your model to demonstrate what happens when you take components away. This is
a good time to discuss the Vikings’ engineering contributions. (You may focus on the
main components but not necessarily all. See Viking Ship Anatomy handout.)
5. Students use the engineering process with teacher assistance. (Primary Viking Ship
Challenge PPT.)
6. Pass out materials.
7. Students must submit a drawing with the parts labeled.
8. Students build and add the sail to their ships. Students will need to adjust the rudder
to change the ship’s direction.
9. Remind students that ships should be tested and adjusted several times before they
are considered finished (sea worthy)!
10. Supervise each team’s three trials. Each student records their data on a video diary.
Teacher, review results to determine the winning team.
11. Students share their video diary and discuss their trials, what they learned,

what to change in the future.
Evaluate: Teacher observation on student contribution to challenge; accuracy
of data results; oral presentation/video diary.

Elaborate/Extend: Using Google Drawer to create a sketch that shows the
important components of a ship. Example types of watercraft: Cruise ship,
racing shell (rowing boat), gondola, dinghy, coracle, kayak, raft, sail boat,
speed boat, jet ski, fishing boat, hydrofoil, junk, dhow, windsurfer, surfboard,
canoe, barge, catamaran, yacht.

HW Extension: On Google classroom working Doc answer these questions:
1. How was your design shaped by the environment, the available
resources, and the world around them?
2. Do you think that the engineering design process (design, build and test)
is a good way to solve a real-world problem?

Lesson: Vikings Extraordinary Engineers (Post Classical History)
Time Frame: 2-3 Days
Language of the Discipline: ballast, bow, buoyancy, hull, keel, rudder, starboard,
stern, styri, Viking
TEKS:
Science:
Grade (1.2D,E) (1.3C) (1.4)
Grade (2.2) (2.3) (2.4)
Social Studies:
Grade (1.3A) (13.A) (1.16) (1.18) (1.19A)
Grade (2.7C) (2.17) (2.19) (2.20A)
Language Arts:
Grade (Fig:19D) (1.20) (1.24C) (1.27A) (1.28) (1.29)
Grade (Fig: 19D) (2.21) (2.29) (2.30)
Math:
Grade (1.1A,C,D,E) (1.7A,B) (1.8B)
Grade (2.1A,C,D,E) (2.9A,D) (2.10A,B,D)
Technology:
Grade K-2 (2D, 4D)
Grade 3-5 (1A, B) (4B)

Objectives: Students will…
• explain how the engineering solutions are influenced and shaped by the
surrounding environment, availability of resources, and the world around
us.
• design, test, and build a ship.
Students will be able to answer these essential questions:
1. What ideas and discoveries make exploration possible?
2. Why do individuals want to become explorers?
3. What problems do explorers face?
4. How do explorers contribute to our knowledge of the world?

The following lesson is adapted from Hands-on Activity: Viking Ship Design Challenge
Contributed by: Integrated Teaching and Learning Program, College of Engineering, University of Colorado Boulder

Engage/Elicit
Play video to introduce or expand students’ knowledge of the Vikings. Then, read the
eight paragraphs in “Who Were the Vikings?” to students and discuss as a class. This will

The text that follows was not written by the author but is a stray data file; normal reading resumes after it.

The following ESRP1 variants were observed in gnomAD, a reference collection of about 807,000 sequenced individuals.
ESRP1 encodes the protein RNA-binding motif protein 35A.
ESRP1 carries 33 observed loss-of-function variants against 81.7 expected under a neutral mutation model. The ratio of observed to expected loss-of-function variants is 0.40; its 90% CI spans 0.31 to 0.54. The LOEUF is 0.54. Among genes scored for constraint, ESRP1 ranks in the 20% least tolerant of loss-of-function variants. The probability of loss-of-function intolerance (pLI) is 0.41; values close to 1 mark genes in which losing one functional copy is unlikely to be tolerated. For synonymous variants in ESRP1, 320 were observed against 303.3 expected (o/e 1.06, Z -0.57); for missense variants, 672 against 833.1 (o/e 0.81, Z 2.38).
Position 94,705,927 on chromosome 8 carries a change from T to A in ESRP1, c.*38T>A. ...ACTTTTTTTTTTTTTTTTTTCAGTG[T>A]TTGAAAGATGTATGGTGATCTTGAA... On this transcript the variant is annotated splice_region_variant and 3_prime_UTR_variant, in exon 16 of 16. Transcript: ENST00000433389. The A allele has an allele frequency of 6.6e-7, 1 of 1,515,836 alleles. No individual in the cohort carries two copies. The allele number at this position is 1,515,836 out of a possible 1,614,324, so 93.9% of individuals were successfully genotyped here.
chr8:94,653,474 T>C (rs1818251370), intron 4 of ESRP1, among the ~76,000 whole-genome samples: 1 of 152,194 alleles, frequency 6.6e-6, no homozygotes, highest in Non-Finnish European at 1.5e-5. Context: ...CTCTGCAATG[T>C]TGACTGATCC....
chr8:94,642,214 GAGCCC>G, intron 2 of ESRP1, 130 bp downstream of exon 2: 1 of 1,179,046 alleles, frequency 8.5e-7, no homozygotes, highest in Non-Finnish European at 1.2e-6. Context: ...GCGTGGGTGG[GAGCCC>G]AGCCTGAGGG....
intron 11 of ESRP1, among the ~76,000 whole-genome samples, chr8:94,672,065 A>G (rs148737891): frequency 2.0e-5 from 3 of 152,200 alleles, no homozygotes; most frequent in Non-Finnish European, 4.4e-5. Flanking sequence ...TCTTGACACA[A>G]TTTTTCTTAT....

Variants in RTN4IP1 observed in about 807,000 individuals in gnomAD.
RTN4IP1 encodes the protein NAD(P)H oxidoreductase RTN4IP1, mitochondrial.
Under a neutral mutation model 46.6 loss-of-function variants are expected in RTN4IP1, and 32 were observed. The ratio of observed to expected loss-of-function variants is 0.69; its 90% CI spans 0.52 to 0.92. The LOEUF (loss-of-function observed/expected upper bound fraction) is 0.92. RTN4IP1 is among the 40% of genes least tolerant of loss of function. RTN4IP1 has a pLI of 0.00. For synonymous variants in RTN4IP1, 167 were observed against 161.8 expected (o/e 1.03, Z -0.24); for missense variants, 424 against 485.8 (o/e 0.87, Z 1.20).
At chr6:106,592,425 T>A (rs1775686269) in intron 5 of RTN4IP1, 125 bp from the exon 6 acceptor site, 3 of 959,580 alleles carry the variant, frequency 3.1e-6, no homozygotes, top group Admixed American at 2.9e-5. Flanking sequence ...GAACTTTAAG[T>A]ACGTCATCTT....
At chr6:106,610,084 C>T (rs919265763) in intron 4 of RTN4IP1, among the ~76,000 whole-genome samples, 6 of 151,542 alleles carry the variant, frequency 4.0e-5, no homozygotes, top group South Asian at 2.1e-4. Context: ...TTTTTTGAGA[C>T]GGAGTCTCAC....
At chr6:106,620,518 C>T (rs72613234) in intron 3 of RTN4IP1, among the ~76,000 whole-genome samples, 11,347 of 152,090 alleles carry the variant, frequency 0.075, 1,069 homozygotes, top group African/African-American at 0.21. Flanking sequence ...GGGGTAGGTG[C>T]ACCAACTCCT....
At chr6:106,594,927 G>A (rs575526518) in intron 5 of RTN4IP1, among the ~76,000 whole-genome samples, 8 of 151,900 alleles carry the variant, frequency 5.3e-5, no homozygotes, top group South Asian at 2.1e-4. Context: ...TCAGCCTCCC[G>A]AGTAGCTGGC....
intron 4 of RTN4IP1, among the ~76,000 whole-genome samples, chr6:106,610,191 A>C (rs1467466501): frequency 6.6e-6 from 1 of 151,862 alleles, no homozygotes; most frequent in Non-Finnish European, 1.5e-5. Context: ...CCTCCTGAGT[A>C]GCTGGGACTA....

provide background knowledge and motivate students to think about how the Vikings
were clever engineers. Help students make connections between Scholarly Behaviors
and the information found in the eight paragraphs as appropriate.
• Primary: Discovery Education Video: Exploring the World: The Viking
Explorers
Play the segment titled Scandinavia and the Vikings (1min 35sec)
http://goo.gl/uPrkm8

Intm: Show segment 3, The Vikings and their Longships (6:09 minutes long).
Horsepower: Harnessed for War Discovery Education Video
http://goo.gl/cemv4C

Explore
1. Many Viking ships were designed to be long, lean, lightweight, and maneuverable.
2. Ask students to think about the Vikings’ clever engineering feats from the
perspective of a Viking. Explain to students that they should also consider the
perspective of the British, Irish, and mainland Europeans, who were attacked by the
Vikings. Discuss how it is possible to celebrate a culture’s clever engineering feats
but at the same time not “like” their way of life in regards to how they treated their
“neighbors.” Show students the map.
Explain
1. Introduce students to the Engineering design process. Explain that students are to
use this model to solve a challenge. (There are several models and most are very
similar.) The following model may be used with intermediate and younger students.
a. ASK: What is the problem? How have others approached it? What are your
constraints?
b. IMAGINE: What are some solutions? Brainstorm ideas. Choose the best one.
c. PLAN: Draw a diagram. Make lists of materials you will need.
d. CREATE: Follow your plan and create something. Test it out!
e. IMPROVE: What works? What doesn't? What could work better? Modify your designs
to make it better. Test it out!

2. The challenge is for students to design, test and build one main component of the
ship in groups of two or three. Students will use only a limited amount of resources to
create a component of the ship — just like the Vikings and engineers! Show students
the race course with the obstacles. (Place plants and other “obstacles” on the side

of the pool so the ships can still go in a straight line across the middle.) Emphasize
that their ship must move in a straight line to make to the finish line. For younger
students, pre-assemble some of the ship’s components (such as the hull, keel and
rudder). Then have the students put the ships together and design one or two main
components- the sail and/or mast.
3. As a class, define the problem. Include developing lists of requirements and
constraints for the Viking ship design challenge (write lists on the board). The
physical requirements might include making the ship watertight, sturdy, lightweight,